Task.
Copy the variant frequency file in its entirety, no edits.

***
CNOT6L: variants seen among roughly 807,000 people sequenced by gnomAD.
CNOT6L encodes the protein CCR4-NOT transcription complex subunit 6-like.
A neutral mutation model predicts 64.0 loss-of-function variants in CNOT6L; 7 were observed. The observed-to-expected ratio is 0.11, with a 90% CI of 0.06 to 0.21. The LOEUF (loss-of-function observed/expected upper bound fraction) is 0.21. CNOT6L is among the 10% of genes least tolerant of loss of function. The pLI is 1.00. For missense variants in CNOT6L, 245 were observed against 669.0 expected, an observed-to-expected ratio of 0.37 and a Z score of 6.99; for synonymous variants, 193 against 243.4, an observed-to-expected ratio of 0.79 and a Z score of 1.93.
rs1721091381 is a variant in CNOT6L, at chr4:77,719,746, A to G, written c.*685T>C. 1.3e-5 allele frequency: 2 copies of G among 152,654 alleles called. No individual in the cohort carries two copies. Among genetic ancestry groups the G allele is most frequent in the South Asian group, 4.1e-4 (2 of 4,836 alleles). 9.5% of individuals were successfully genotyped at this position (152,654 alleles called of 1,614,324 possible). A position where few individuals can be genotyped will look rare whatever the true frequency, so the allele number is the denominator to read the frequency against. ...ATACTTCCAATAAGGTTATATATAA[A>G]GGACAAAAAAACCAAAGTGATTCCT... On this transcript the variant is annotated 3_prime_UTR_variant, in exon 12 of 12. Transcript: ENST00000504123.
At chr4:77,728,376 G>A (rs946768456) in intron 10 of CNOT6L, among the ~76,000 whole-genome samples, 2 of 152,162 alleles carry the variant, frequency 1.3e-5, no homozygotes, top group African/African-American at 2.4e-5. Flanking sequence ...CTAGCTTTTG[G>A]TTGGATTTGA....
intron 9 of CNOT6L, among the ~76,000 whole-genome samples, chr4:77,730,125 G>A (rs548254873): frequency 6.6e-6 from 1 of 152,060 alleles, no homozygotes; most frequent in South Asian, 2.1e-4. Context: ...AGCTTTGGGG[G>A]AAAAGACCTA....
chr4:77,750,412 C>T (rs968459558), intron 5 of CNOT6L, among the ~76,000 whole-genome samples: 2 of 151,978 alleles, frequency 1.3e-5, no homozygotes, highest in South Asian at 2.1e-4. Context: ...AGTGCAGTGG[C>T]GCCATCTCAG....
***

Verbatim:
CNOT6L: variants seen among roughly 807,000 people sequenced by gnomAD.
CNOT6L encodes the protein CCR4-NOT transcription complex subunit 6-like.
A neutral mutation model predicts 64.0 loss-of-function variants in CNOT6L; 7 were observed. The observed-to-expected ratio is 0.11, with a 90% CI of 0.06 to 0.21. The LOEUF (loss-of-function observed/expected upper bound fraction) is 0.21. CNOT6L is among the 10% of genes least tolerant of loss of function. The pLI is 1.00. For missense variants in CNOT6L, 245 were observed against 669.0 expected, an observed-to-expected ratio of 0.37 and a Z score of 6.99; for synonymous variants, 193 against 243.4, an observed-to-expected ratio of 0.79 and a Z score of 1.93.
rs1721091381 is a variant in CNOT6L, at chr4:77,719,746, A to G, written c.*685T>C. 1.3e-5 allele frequency: 2 copies of G among 152,654 alleles called. No individual in the cohort carries two copies. Among genetic ancestry groups the G allele is most frequent in the South Asian group, 4.1e-4 (2 of 4,836 alleles). 9.5% of individuals were successfully genotyped at this position (152,654 alleles called of 1,614,324 possible). A position where few individuals can be genotyped will look rare whatever the true frequency, so the allele number is the denominator to read the frequency against. ...ATACTTCCAATAAGGTTATATATAA[A>G]GGACAAAAAAACCAAAGTGATTCCT... On this transcript the variant is annotated 3_prime_UTR_variant, in exon 12 of 12. Transcript: ENST00000504123.
At chr4:77,728,376 G>A (rs946768456) in intron 10 of CNOT6L, among the ~76,000 whole-genome samples, 2 of 152,162 alleles carry the variant, frequency 1.3e-5, no homozygotes, top group African/African-American at 2.4e-5. Flanking sequence ...CTAGCTTTTG[G>A]TTGGATTTGA....
intron 9 of CNOT6L, among the ~76,000 whole-genome samples, chr4:77,730,125 G>A (rs548254873): frequency 6.6e-6 from 1 of 152,060 alleles, no homozygotes; most frequent in South Asian, 2.1e-4. Context: ...AGCTTTGGGG[G>A]AAAAGACCTA....
chr4:77,750,412 C>T (rs968459558), intron 5 of CNOT6L, among the ~76,000 whole-genome samples: 2 of 151,978 alleles, frequency 1.3e-5, no homozygotes, highest in South Asian at 2.1e-4. Context: ...AGTGCAGTGG[C>T]GCCATCTCAG....